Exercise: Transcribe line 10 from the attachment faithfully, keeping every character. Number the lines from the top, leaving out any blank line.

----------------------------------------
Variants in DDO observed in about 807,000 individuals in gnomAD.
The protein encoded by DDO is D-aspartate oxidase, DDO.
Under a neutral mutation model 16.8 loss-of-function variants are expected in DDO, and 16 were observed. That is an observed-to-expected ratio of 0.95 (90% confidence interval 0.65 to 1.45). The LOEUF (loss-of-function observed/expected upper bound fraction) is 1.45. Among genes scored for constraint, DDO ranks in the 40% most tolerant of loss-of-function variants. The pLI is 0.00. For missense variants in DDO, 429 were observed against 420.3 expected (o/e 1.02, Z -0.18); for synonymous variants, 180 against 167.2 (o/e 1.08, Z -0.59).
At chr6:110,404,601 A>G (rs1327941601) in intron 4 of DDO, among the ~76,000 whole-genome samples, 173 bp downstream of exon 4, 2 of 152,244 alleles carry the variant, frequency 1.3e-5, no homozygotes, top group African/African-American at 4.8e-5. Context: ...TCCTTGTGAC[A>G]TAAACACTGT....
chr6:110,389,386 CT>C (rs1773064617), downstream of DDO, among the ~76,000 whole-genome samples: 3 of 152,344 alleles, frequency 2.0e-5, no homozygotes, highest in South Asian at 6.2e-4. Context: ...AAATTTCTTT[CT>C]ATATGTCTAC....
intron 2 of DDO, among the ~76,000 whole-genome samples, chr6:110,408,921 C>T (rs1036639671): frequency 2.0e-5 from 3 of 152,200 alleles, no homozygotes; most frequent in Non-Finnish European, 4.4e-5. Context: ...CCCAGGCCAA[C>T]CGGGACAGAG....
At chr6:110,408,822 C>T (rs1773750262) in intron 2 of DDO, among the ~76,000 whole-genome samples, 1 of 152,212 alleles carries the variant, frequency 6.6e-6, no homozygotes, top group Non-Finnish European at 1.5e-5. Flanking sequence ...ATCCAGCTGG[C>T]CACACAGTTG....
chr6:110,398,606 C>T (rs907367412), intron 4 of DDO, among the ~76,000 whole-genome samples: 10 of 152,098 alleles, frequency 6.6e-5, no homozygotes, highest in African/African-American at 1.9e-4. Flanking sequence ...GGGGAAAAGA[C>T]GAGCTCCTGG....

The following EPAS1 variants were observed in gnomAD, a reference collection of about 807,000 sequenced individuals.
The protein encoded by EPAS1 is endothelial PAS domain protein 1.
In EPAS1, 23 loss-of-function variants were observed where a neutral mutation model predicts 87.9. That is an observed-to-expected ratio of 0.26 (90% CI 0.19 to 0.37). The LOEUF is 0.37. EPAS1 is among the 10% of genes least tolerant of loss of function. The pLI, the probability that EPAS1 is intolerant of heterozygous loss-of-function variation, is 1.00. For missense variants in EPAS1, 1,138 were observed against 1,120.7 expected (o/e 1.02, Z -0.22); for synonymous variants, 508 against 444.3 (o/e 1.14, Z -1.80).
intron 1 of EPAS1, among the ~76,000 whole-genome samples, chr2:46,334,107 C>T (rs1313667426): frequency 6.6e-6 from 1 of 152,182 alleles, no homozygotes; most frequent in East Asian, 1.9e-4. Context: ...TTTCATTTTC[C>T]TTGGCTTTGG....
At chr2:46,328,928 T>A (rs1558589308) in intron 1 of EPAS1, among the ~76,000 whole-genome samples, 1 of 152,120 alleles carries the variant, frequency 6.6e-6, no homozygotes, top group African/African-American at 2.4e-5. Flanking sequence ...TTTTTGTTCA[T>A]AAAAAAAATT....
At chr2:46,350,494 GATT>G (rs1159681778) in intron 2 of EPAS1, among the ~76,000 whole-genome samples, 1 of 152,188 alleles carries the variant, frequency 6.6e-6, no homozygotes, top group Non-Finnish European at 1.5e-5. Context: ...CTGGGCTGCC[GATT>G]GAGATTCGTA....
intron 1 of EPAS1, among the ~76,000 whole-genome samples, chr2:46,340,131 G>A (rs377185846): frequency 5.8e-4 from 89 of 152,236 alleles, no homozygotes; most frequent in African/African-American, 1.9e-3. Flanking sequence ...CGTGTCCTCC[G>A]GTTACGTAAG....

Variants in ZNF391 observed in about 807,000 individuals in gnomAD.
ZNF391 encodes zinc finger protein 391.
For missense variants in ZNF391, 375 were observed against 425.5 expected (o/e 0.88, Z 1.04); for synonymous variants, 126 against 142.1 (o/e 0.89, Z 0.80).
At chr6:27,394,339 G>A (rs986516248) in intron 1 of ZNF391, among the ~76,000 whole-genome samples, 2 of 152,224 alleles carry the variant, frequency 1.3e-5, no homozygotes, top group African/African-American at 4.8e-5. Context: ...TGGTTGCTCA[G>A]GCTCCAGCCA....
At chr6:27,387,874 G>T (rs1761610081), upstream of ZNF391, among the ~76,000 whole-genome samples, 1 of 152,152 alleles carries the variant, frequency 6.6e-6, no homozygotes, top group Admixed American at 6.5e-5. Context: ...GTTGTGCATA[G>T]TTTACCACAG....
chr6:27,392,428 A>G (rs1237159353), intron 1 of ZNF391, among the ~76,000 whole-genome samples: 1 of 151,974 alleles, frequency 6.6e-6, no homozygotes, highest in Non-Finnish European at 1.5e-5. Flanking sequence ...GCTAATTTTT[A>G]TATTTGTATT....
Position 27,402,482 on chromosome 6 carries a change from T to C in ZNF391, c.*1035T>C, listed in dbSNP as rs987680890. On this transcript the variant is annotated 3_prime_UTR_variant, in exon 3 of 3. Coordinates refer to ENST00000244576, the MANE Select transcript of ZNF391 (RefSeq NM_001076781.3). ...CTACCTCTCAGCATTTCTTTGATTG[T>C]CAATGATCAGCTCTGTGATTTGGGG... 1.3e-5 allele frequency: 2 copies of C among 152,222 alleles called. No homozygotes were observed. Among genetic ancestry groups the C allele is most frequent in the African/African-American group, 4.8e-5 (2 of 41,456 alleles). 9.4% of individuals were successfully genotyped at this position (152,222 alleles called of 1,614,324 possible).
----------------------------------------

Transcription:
The protein encoded by EPAS1 is endothelial PAS domain protein 1.